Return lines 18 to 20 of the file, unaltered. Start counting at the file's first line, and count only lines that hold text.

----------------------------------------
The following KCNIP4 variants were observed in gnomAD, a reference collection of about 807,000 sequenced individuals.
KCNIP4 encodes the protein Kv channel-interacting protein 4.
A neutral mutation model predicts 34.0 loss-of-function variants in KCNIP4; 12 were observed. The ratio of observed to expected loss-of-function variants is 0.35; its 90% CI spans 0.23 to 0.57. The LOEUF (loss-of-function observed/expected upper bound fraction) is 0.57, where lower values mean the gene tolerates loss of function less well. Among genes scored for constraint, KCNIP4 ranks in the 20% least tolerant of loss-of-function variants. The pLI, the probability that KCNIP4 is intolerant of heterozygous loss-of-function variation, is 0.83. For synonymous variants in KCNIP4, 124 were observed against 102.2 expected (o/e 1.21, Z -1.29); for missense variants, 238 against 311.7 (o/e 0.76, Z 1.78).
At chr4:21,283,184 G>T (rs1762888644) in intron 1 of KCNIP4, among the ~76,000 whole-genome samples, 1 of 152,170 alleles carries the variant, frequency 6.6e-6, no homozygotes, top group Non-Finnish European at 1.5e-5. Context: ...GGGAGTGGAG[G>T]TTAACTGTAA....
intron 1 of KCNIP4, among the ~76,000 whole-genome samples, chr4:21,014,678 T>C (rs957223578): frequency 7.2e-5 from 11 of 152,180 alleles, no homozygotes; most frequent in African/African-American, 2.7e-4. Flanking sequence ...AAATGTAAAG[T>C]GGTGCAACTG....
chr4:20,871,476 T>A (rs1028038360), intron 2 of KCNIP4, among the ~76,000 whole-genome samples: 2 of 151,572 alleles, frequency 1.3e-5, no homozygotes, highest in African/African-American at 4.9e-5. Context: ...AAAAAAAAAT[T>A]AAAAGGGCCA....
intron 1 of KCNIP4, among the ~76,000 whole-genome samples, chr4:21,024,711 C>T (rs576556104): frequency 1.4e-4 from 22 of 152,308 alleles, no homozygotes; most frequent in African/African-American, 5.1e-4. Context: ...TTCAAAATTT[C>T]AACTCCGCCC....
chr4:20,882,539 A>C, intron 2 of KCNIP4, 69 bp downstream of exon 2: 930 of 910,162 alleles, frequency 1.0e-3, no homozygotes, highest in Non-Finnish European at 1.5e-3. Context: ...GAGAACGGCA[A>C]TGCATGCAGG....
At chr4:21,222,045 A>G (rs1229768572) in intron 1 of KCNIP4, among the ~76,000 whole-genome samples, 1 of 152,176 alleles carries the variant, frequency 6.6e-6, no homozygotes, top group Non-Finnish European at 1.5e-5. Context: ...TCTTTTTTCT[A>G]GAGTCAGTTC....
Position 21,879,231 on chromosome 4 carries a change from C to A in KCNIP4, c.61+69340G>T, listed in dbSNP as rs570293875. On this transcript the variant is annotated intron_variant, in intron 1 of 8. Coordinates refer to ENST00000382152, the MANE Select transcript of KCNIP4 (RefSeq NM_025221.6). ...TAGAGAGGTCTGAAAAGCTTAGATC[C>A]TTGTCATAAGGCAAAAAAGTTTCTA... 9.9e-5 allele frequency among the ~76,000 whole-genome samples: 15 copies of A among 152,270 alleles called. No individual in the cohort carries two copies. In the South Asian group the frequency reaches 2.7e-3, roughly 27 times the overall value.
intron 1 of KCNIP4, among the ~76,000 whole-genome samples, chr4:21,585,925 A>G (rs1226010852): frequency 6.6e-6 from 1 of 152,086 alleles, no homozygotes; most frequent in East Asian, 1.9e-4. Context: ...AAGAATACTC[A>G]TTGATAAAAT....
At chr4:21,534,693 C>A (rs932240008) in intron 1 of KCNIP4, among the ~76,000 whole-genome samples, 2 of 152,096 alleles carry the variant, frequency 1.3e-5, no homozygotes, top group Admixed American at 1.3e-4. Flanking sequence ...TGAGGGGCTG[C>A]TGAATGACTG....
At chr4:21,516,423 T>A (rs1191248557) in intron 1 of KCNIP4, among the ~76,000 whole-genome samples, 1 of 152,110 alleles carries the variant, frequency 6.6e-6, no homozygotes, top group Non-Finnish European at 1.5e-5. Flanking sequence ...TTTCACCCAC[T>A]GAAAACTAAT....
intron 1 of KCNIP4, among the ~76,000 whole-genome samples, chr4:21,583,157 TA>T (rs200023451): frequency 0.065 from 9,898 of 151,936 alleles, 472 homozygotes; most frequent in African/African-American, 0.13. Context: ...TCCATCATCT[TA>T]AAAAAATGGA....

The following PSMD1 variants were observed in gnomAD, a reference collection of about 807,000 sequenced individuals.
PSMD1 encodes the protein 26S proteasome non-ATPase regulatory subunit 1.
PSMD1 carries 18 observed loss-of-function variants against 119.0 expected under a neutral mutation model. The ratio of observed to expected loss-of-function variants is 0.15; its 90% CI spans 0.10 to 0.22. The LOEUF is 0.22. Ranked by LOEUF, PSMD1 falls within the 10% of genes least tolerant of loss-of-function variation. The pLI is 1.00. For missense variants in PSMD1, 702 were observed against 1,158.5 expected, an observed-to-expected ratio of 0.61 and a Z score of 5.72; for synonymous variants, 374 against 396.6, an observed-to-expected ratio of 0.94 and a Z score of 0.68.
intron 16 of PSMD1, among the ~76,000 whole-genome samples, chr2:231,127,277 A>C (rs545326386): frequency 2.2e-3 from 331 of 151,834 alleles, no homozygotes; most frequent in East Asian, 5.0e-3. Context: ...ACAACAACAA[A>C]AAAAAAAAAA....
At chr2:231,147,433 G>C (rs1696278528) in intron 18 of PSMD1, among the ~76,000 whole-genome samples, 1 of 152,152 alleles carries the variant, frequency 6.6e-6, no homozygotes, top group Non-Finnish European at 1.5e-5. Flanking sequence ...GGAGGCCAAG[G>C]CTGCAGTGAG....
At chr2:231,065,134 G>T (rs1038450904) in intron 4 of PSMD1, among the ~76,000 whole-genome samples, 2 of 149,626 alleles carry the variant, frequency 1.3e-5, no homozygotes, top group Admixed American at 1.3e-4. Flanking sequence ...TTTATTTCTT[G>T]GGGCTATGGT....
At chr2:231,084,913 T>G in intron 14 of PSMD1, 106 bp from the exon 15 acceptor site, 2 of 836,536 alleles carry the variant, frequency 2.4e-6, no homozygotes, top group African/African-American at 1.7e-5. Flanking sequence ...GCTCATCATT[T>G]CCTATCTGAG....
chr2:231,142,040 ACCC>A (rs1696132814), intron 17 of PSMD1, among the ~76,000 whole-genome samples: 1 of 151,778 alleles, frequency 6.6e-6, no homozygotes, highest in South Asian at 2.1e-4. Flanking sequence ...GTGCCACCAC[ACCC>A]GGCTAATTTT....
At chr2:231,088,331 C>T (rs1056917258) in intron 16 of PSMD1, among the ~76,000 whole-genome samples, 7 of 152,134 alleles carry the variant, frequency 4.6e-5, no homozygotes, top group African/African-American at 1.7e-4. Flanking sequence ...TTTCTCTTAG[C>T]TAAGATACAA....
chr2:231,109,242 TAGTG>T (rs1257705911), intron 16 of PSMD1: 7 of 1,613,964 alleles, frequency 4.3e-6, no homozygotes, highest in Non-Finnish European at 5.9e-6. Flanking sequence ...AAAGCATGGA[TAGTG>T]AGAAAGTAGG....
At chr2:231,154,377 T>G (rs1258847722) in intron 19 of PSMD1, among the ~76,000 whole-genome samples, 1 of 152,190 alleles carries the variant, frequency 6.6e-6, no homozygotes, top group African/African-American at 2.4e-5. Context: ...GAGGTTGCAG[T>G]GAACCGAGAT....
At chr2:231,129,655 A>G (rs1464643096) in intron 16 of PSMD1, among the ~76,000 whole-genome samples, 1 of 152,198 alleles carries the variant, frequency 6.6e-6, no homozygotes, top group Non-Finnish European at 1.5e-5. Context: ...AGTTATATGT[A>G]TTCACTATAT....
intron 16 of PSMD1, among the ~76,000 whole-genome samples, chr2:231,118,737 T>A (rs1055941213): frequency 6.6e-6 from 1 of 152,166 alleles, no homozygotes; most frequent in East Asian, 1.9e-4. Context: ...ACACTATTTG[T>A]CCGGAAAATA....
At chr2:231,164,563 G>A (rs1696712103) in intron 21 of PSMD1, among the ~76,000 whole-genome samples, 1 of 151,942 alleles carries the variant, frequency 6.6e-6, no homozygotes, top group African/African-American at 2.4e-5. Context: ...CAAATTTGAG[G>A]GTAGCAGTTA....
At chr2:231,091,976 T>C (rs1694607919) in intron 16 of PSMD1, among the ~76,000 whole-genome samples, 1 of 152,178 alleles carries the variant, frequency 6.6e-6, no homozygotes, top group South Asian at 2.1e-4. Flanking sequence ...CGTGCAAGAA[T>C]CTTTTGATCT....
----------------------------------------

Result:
intron 16 of PSMD1, among the ~76,000 whole-genome samples, chr2:231,127,277 A>C (rs545326386): frequency 2.2e-3 from 331 of 151,834 alleles, no homozygotes; most frequent in East Asian, 5.0e-3. Context: ...ACAACAACAA[A>C]AAAAAAAAAA....
At chr2:231,147,433 G>C (rs1696278528) in intron 18 of PSMD1, among the ~76,000 whole-genome samples, 1 of 152,152 alleles carries the variant, frequency 6.6e-6, no homozygotes, top group Non-Finnish European at 1.5e-5. Flanking sequence ...GGAGGCCAAG[G>C]CTGCAGTGAG....
At chr2:231,065,134 G>T (rs1038450904) in intron 4 of PSMD1, among the ~76,000 whole-genome samples, 2 of 149,626 alleles carry the variant, frequency 1.3e-5, no homozygotes, top group Admixed American at 1.3e-4. Flanking sequence ...TTTATTTCTT[G>T]GGGCTATGGT....